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403: Is God in Control or Not? With Mike Erre



More Americans have been killed by Covid-19 in two months than were killed in the Vietnam War in 20 years. Some Christians are responding to these uncertain times with familiar platitudes—none more popular than, “God is in control.” But is he?


Mike Erre is back to talk about the tension in Scripture between God’s sovereignty and human free will. Also this week: What’s so special about lama blood? Churchgoers attempting to conduct a drive-in service get ticketed. A conspiracy theory growing among Christians says Dr. Fauci planned the pandemic in league with the antichrist. Has gullibility now become a Christian virtue? Skye shares his family’s quarantine rules, and Phil thinks bathing is overrated.




21 comentarios


Ericka J I
Ericka J I
14 may 2020

i have seen a helpful list on prophets that speaks of a few simple characteristics: - faithful to the teachings of the Bible/in harmony with word of God - exalts Jesus over self - "He must increase, i must decrease" matt 11:11 - reveal grace of Jesus hope thats helpful, even if its a bit simplistic. ive heard other characteristics as in person being in an unresponsive state when receiving messages from the Lord and etc, but those things are probably able to be replicated in false prophets.

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Ericka J I
Ericka J I
14 may 2020

i have seen a helpful list on prophets that speaks of a few simple characteristics: - faithful to the teachings of the Bible/in harmony with word of God - exalts Jesus over self - "He must increase, i must decrease" matt 11:11 - reveal grace of Jesus hope thats helpful, even if its a bit simplistic. ive heard other characteristics as in person being in an unresponsive state when receiving messages from the Lord and etc, but those things are probably able to be replicated in false prophets.

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The rule for discerning true prophets (Deut 18:21–22) is trickier than I used to realize. Jonah's unconditionally stated prophecy was that Nineveh would be overthrown in 40 days (3:4). But this didn't come to pass (because the people repented). But he's still a genuine prophet of YHWH.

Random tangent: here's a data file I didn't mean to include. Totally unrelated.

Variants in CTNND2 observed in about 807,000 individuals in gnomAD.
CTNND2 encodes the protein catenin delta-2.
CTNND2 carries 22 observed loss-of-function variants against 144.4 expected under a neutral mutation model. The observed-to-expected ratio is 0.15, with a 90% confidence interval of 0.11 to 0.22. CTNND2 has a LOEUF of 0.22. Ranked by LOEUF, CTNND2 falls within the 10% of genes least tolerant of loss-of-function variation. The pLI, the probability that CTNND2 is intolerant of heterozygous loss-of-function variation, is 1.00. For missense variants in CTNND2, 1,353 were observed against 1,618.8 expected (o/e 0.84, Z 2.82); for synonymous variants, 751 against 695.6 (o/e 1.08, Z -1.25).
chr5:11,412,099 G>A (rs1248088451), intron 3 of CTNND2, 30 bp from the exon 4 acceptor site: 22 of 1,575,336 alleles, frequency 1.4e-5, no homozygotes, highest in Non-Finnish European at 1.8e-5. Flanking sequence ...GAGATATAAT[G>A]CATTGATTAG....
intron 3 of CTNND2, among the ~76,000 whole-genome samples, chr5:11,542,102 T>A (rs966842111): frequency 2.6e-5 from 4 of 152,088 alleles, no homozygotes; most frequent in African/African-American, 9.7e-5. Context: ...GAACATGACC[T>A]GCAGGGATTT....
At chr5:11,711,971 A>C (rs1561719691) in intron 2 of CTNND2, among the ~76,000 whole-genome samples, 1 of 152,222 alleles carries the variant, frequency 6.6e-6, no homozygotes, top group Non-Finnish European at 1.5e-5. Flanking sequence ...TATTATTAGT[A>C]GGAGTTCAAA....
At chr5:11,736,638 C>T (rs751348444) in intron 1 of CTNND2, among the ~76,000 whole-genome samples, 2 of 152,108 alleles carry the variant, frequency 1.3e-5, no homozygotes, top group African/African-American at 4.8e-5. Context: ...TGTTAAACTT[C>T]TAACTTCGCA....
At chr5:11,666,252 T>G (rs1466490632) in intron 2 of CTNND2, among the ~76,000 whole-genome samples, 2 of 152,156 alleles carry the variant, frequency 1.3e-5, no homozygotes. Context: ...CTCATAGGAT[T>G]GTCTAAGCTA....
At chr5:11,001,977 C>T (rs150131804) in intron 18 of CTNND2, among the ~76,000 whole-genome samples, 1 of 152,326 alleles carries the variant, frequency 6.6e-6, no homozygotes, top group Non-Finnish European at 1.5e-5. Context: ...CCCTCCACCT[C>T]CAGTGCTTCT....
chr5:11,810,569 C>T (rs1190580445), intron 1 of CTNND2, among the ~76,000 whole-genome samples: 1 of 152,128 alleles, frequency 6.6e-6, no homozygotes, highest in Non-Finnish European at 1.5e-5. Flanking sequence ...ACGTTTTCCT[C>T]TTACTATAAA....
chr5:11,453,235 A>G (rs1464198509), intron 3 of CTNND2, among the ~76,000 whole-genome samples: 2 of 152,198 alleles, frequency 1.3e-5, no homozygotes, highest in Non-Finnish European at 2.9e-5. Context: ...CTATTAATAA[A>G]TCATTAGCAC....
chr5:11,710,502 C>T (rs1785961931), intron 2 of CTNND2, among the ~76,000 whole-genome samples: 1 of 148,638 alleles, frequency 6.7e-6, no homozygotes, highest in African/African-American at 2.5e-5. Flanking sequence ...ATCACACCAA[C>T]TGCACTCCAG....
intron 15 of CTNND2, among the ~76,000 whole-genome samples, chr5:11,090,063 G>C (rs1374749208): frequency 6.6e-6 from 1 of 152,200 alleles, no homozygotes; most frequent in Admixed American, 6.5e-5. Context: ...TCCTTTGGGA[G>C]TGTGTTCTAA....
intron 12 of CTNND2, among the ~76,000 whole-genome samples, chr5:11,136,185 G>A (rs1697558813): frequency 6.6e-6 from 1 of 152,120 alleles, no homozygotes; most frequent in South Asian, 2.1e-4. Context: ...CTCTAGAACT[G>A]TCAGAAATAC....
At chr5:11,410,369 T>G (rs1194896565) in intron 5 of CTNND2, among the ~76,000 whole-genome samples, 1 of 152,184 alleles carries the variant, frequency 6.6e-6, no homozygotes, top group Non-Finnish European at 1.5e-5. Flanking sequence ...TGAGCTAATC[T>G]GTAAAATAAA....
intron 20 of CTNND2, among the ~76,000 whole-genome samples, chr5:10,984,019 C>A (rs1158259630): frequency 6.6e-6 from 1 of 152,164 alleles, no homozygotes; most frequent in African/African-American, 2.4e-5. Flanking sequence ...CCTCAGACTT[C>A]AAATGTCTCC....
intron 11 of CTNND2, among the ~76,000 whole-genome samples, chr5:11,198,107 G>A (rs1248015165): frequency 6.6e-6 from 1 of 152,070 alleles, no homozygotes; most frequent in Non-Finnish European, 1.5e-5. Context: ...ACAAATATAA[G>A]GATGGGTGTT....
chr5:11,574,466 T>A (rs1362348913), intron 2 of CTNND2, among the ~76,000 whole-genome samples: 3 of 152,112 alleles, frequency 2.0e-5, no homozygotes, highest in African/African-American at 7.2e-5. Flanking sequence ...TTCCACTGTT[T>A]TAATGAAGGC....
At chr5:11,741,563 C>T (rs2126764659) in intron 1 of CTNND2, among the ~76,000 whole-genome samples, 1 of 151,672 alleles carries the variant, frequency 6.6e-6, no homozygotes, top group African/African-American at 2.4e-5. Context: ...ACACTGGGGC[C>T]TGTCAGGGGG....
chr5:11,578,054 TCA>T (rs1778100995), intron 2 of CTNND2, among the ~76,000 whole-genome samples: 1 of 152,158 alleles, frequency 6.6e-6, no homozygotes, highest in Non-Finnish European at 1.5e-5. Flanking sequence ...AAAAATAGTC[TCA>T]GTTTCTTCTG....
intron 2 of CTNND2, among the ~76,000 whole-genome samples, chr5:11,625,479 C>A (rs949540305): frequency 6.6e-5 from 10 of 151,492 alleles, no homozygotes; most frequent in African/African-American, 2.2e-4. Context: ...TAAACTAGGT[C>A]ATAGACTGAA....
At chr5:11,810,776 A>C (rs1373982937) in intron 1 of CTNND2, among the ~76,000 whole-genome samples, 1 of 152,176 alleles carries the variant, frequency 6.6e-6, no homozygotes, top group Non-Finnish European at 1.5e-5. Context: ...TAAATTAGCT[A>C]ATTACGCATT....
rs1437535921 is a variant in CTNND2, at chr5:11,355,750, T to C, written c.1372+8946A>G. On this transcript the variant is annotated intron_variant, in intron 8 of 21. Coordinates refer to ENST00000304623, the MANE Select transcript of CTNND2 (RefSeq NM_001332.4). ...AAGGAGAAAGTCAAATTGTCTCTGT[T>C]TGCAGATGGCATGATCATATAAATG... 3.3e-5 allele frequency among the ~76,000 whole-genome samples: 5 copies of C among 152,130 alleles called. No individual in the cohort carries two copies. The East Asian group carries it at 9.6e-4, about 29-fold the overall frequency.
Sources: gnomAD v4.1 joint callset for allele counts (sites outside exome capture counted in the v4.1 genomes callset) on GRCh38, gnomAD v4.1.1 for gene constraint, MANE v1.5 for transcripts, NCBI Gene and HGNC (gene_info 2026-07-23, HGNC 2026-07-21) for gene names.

Isaiah prophesied unconditionally that Hezekiah would die from his illness in 2 Kings 20:1, but this didn't come to pass, because Hezekiah prayed it would not and God listened (20:5). But Isaiah is also a genuine prophet.


So I'm not sure exactly how the discernment rule about true and false prophets in Deuteronomy is supposed to work. If applied in a wooden fashion, both Jonah and Isaiah (and others) would be put to…


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Skye, I agree that scripture speaks of God knowing certain things ahead of time. Some, like Ps 139:4, are simple to reconcile with the future not yet existing (i.e., if even I can sometimes guess what someone I know well would say, surely God, who knows them better than they know themselves and literally knows the state of their every neuron, could know what they would say before they do).

Others, like Ps 139:16, I don't have a convincing answer for. But those types of passages about God knowing the future exhaustively are rare and are vastly outnumbered by the ones which state/imply that he does not know the future exhaustively.

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Skye Jethani
Skye Jethani
13 may 2020

jhurshman—


I agree. To merely see these examples as anthropomorphisms doesn’t work. There are clearly examples of God discovering, testing, and expressing surprise.


However, Scripture also speaks unambiguously of the Lord’s omniscience. No where is this more clear than Ps 139:


”Even before a word is on my tongue, behold, OLord, you know it altogether.” (v.4)


”Your eyes saw my unformed substance; in your book were written, every one of them, the days that were formed for me, when as yet there was none of them.” (v16)


And, of course, there is the Lord’s own declaration about true and false prophets (Deut 18:20-22) where the true prophets of God are those who correctly foresee future…


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